5 Ways to Thrive on a Teacher’s Budget

Everyone warned me upon graduation that budgeting my finances as a post-grad and new teacher is difficult and challenging. I took their advice with caution and prepared myself as much as I could for the financial reality of being a rural, public school teacher. Although my financial situation may differ from other new teachers (I do have a hefty amount of student loans!), here are a few tips and ideas I have for budgeting smartly, saving for the future, and feeling financially stable in your first few years as a teacher or recent graduate.

1. Be smart and calculated about when you grocery shop.

As a vegetarian, I already reduce my grocery bill by a lot since I’m not purchasing meat. But, I’ve found other ways to keep my food bill at a manageable sum. I grocery shop bi-weekly and make a detailed list of what I need, a few things I’d like to indulge in, and food that will last me longer than two weeks. Buying healthy and organic can be a financial challenge, but as long as you’re intentional about fitting it into your budget, it’s a little easier!

2. Save, save, SAVE!

Although you may look at your paycheck and not see where you can put aside money because of the monthly expenses many of us have (car payments, internet, rent, student loans, groceries, cell phone bills), I would highly suggest taking a portion out of every paycheck and put it into a savings account. If that seems overwhelming at first, you can start out with a relatively small amount. After a while, you may feel more comfortable putting away a larger sum. Just make sure you budget the rest of your month accordingly to ensure that you’ll still have enough without having to take money back out of your savings to make ends meet. I take a specific amount out of my paycheck and put it towards my savings with every paycheck I receive. This financial routine allows me to feel more organized and financially stable.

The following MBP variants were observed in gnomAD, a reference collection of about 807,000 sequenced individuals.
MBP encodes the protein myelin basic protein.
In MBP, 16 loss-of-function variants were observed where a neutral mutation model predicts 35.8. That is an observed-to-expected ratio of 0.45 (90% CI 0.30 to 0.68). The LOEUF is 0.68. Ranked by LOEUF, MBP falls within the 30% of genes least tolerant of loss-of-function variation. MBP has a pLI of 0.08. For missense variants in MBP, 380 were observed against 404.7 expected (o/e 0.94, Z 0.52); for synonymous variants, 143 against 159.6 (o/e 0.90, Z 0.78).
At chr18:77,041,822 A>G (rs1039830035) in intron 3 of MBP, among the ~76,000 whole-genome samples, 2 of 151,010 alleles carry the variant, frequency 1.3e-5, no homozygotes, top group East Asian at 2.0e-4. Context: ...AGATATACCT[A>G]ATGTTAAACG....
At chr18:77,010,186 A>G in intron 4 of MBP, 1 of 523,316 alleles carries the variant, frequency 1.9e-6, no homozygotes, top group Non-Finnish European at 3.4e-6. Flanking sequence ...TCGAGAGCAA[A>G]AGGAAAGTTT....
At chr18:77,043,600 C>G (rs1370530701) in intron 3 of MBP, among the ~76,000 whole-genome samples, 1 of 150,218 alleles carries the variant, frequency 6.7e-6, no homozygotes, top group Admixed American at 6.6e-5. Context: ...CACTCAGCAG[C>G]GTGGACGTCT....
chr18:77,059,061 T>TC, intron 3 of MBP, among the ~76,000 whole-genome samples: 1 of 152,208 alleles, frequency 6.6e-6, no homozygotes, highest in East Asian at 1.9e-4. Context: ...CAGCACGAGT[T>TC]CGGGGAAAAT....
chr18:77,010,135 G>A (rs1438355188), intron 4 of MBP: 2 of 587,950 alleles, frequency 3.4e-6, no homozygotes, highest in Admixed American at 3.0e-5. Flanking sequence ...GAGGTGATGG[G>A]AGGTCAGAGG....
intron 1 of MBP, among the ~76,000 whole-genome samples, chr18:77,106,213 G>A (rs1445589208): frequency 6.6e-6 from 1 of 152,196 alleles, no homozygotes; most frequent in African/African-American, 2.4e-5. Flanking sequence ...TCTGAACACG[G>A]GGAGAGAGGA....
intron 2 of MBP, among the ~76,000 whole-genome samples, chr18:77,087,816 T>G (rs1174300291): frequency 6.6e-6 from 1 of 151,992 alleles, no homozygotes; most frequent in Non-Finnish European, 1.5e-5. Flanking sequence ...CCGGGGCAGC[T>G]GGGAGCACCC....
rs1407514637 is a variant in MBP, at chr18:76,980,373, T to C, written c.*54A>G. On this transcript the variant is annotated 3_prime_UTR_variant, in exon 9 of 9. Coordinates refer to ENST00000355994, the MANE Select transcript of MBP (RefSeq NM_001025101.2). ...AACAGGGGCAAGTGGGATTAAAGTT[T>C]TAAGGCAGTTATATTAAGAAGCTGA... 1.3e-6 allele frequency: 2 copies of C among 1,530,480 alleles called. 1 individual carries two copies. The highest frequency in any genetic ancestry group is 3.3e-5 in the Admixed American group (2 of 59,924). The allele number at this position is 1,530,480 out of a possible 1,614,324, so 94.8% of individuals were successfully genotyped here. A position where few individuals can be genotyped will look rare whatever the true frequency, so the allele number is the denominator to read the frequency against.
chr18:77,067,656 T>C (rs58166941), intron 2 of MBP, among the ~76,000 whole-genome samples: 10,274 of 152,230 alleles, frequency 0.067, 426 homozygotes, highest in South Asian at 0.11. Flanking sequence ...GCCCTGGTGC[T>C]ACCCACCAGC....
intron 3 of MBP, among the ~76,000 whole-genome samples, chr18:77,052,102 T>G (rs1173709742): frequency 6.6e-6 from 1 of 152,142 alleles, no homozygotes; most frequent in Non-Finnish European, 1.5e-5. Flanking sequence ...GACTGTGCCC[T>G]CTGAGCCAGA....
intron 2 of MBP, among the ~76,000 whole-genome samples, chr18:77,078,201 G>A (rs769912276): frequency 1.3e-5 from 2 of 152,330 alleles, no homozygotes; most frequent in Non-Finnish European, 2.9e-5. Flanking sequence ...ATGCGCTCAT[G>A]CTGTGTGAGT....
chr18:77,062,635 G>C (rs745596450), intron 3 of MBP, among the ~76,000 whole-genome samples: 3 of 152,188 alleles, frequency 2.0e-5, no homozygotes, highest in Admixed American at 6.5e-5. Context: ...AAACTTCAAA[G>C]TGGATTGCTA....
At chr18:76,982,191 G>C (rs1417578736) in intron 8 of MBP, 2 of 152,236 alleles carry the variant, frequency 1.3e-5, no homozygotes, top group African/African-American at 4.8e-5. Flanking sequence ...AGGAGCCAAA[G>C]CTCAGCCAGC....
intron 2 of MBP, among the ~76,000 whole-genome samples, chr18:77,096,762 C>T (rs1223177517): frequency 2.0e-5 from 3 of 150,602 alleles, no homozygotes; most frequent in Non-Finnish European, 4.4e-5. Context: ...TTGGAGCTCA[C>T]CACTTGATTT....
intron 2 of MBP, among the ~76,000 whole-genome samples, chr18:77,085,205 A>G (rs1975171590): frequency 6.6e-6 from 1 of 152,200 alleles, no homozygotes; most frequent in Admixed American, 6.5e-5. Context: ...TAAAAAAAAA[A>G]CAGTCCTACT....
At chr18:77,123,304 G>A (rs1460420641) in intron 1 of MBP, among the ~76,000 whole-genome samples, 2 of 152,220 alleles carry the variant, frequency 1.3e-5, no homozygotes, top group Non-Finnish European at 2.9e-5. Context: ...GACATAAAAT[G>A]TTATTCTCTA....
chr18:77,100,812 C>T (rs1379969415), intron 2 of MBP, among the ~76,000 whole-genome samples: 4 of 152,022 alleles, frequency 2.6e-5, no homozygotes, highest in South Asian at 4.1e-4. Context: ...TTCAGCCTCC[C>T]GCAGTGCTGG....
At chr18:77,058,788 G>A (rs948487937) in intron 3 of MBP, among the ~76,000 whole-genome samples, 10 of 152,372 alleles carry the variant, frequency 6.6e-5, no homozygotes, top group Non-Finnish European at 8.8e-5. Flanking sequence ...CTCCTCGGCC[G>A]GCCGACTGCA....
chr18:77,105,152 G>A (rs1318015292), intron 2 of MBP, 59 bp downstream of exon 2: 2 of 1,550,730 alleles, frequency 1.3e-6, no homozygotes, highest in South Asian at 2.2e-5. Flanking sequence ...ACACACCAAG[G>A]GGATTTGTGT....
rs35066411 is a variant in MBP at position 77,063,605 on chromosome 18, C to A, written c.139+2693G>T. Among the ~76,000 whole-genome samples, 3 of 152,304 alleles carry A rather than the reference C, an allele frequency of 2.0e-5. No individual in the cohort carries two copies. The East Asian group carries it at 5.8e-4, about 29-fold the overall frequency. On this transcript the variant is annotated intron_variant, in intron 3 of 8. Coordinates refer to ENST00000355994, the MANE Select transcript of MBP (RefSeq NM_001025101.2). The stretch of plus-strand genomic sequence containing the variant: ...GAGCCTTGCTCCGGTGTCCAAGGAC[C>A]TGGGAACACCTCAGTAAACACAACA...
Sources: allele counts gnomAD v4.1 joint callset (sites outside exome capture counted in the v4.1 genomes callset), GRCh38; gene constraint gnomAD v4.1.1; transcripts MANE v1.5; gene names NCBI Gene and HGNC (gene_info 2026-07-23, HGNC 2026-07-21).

3. Budget FUN and be mindful of not overstepping that limit.

As a recent post-grad and resident of a completely new part of the country, I’ve had the pleasure of doing a great deal of exploring and adventuring. I’ve traveled to new states, dined in downtown Memphis, attended an NBA game, and went to a concert in Nashville. All of those experiences have been entertaining and are a great break from my busy teaching schedule. With that said, those experiences also cost money. Every month I try to plan a few weekend trips or local experiences and am deliberate in setting aside money to do those things. Having fun in your new environment is exciting but you don’t want to strain your budget in the process!

4. Be aware of the daily expenses that can add up.

Before I bought a coffeemaker (which happened a lot later than I had originally wanted, but the craziness of teaching can sometimes make you forget small things!), I was getting a cup of coffee before school every morning. Although the cup itself wasn’t that expensive (it definitely wasn’t gourmet coffee), my credit card bill was a surprise to me. All of that coffee eventually added up and was an unnecessary bill I had to pay off. If you are making a daily (or pretty regular) purchase, ask yourself how necessary it is and if there are ways around that regular expense.

5. And lastly, take on extra responsibilities at school.

Aside from how meaningful it is to be involved in your students’ lives outside of the classroom, another smart finance tip is to look into after-school programs or coaching positions that pay in addition to your regular paycheck. I took on an after-school tutoring position at my school that meets twice a week. Although it’s just for two hours, the little bump in my paycheck is what I typically put towards gas and other necessary expenses. See if there are similar opportunities at your school that you can take part in!

A lot of these tips took me a while to master—and I’m still trying to figure it all out! But practice makes perfect, and I’m certainly glad that I have worked out a financial routine and plan that helps me feel on top of my finances, financially stable, and responsible.

What are some budgeting tips you have as a new teacher? Share your comments below and help brainstorm more ideas!